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The Bizarre Side Effects of Fight or Flight That You May Not be Aware of

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There is the oft quoted story of the woman who, after witnessing the family car slip off the jack and pin her husband (or toddler or teenage son depending on who’s telling it), suddenly found the strength to lift the vehicle and save his life. For the average person, that’s about the extent of their knowledge of the human body’s fight or flight response, which is unfortunate. If you study the personal accounts of survival throughout history, you find that the effects of adrenaline in the human body are a little more extensive than “superhuman” strength and reflexes. Instead, what you’ll find is that the side affects of adrenaline sound more like the liability disclaimer seen at the end of every pharmaceutical commercial.

“Consult your doctor before before taking adrenaline. Side affects may include…loss of hearing, loss of memory, ptsd, nausea, vomiting, spontaneous defecation, anxiety, bullet time, tunnel vision…”

Yeah. Doesn’t sound so superhuman anymore does it? If adrenaline were a street drug, it would be the fiend’s last resort.

Nonetheless, it’s important to study the symptoms, because fear isn’t really something you can practice. The kind of danger you have to be in to experience an adrenaline rush, can’t be duplicated in a safe training environment (if you happen to know a way, call the Army. They have a sizable paycheck waiting for you). The best we can do is understand the symptoms, so at least we can recognize them when they occur.

So let’s get down to the finer details of the fight or flight response. For starters, your reaction to a survival situation will be somewhat unpredictable. While most accounts of a traumatic incident have similarities, no two are the same. For starters, many people working in the police, fire, or medical fields have experienced numerous sensory distortions while under stress. These conditions are often grouped together under the same term: Tachypsychia.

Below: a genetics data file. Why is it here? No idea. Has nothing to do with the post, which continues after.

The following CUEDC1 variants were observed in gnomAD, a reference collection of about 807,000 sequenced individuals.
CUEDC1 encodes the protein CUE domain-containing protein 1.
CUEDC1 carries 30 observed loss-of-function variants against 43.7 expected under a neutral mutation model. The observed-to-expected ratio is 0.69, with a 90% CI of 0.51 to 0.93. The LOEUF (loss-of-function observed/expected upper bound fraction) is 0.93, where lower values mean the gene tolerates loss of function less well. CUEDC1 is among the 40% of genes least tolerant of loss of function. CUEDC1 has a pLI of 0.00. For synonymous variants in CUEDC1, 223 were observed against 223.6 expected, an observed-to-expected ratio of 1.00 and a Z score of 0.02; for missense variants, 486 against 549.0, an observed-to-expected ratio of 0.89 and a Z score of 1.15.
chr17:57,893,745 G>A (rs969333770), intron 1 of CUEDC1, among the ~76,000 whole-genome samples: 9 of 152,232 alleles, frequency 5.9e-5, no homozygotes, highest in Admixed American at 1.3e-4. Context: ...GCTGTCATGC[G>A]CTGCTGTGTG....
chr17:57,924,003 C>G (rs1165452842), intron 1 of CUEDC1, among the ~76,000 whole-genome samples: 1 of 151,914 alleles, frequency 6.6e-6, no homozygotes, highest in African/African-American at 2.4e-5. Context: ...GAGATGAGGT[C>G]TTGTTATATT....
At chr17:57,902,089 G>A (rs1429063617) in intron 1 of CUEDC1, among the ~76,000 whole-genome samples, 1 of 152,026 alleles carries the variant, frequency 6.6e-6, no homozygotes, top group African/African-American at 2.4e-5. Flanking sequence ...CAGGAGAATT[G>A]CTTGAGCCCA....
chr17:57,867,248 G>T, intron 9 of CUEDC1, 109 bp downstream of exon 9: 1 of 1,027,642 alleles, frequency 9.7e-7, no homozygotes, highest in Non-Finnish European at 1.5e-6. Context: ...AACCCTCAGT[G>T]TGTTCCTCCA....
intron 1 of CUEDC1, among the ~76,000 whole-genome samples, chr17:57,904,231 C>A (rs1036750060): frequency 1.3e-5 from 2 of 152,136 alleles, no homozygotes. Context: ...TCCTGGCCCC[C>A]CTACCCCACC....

This can include severe alterations with one’s perception of time. One of the most common experiences involves seeing the world slow down around you. During a traumatic experience, your brain begins to work in overdrive. It’s processing visual information at a much faster rate, but since the speed of real time hasn’t changed, it creates the illusion that everything is moving slower. If you weren’t aware that you could experience the world in such a bizarre way, it could add to your stress levels, as happened to this firefighter many years ago when he arrived at the scene of a burning house.

Seeing his fellow fire fighters moving at a snails pace to stop the flames, made him feel even more anxious, frustrated and enraged. Not until he saw a neighbors home video of the incident, did he realize that his perception was wildly different from reality.

Adding to this strangeness, adrenaline may also cause you experience time at a much faster rate, though usually after the danger has passed. Your visual faculties may lose their sense of distance and proportion. Objects that are far away may appear very close and vice versa, and tunnel vision will give you a highly focused perception of a very small area, leaving you blind to your surroundings.

All of these conditions can coalesce to create a pretty bizarre perception of reality. One of the most popular stories involving the effects of Tachypsychia, was taken from the book “On Combat” by Dave Grossman. It involves a shootout between two police officers and a suspect:

“During a violent shoot-out I looked over, drawn to the sudden mayhem, and was puzzled to see beer cans slowly floating through the air past my face. What was even more puzzling was that they had the word Federal printed on the bottom. They turned out to be the shell casings ejected by the officer who was firing next to me.”